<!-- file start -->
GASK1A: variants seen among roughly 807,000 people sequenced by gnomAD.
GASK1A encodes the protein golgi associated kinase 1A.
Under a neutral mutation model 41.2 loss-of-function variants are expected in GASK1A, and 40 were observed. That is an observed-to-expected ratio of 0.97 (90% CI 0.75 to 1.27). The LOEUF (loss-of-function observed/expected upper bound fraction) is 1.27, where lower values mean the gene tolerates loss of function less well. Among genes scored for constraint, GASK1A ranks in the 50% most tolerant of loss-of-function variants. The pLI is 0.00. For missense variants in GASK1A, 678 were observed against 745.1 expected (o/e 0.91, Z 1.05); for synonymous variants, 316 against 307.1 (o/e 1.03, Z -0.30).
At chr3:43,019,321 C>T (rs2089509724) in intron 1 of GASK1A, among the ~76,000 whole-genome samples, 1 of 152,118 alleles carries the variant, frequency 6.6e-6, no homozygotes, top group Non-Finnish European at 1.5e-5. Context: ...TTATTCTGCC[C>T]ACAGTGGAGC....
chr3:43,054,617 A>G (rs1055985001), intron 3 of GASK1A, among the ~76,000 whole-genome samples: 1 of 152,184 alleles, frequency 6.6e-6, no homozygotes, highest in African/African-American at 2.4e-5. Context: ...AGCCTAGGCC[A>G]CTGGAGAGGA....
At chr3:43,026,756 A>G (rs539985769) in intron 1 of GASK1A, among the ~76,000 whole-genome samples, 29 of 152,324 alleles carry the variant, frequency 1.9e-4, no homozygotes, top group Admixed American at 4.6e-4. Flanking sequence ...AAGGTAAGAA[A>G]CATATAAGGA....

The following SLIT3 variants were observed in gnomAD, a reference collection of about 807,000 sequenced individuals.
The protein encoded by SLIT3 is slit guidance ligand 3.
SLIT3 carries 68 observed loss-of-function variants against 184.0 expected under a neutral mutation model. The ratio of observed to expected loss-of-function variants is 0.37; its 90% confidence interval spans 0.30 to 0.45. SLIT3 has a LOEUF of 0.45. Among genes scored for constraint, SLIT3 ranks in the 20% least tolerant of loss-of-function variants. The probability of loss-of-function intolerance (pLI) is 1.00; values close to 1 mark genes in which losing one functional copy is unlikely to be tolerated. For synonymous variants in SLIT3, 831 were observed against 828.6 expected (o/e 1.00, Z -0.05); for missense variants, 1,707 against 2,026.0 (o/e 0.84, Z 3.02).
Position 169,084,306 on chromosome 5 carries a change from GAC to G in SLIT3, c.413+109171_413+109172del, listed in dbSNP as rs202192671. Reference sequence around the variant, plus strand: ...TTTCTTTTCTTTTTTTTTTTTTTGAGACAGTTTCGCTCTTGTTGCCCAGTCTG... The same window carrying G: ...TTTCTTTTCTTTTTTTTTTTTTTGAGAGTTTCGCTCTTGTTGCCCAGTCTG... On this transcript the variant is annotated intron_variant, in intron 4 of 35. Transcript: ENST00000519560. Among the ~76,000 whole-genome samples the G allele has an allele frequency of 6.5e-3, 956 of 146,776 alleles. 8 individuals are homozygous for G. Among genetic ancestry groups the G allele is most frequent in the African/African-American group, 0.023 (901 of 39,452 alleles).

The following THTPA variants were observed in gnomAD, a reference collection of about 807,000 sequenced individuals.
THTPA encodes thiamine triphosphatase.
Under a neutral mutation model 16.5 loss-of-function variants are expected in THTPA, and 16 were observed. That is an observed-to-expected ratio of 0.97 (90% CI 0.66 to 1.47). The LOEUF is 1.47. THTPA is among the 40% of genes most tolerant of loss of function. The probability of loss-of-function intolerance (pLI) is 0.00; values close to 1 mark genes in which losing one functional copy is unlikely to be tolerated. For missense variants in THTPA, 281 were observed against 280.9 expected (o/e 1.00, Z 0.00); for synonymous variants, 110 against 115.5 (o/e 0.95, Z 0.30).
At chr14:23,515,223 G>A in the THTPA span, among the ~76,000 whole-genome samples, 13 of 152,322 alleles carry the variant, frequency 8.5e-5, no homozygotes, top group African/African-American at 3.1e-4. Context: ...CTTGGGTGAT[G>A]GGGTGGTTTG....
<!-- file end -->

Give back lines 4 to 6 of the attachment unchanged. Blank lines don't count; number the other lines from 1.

At chr3:43,019,321 C>T (rs2089509724) in intron 1 of GASK1A, among the ~76,000 whole-genome samples, 1 of 152,118 alleles carries the variant, frequency 6.6e-6, no homozygotes, top group Non-Finnish European at 1.5e-5. Context: ...TTATTCTGCC[C>T]ACAGTGGAGC....
chr3:43,054,617 A>G (rs1055985001), intron 3 of GASK1A, among the ~76,000 whole-genome samples: 1 of 152,184 alleles, frequency 6.6e-6, no homozygotes, highest in African/African-American at 2.4e-5. Context: ...AGCCTAGGCC[A>G]CTGGAGAGGA....
At chr3:43,026,756 A>G (rs539985769) in intron 1 of GASK1A, among the ~76,000 whole-genome samples, 29 of 152,324 alleles carry the variant, frequency 1.9e-4, no homozygotes, top group Admixed American at 4.6e-4. Flanking sequence ...AAGGTAAGAA[A>G]CATATAAGGA....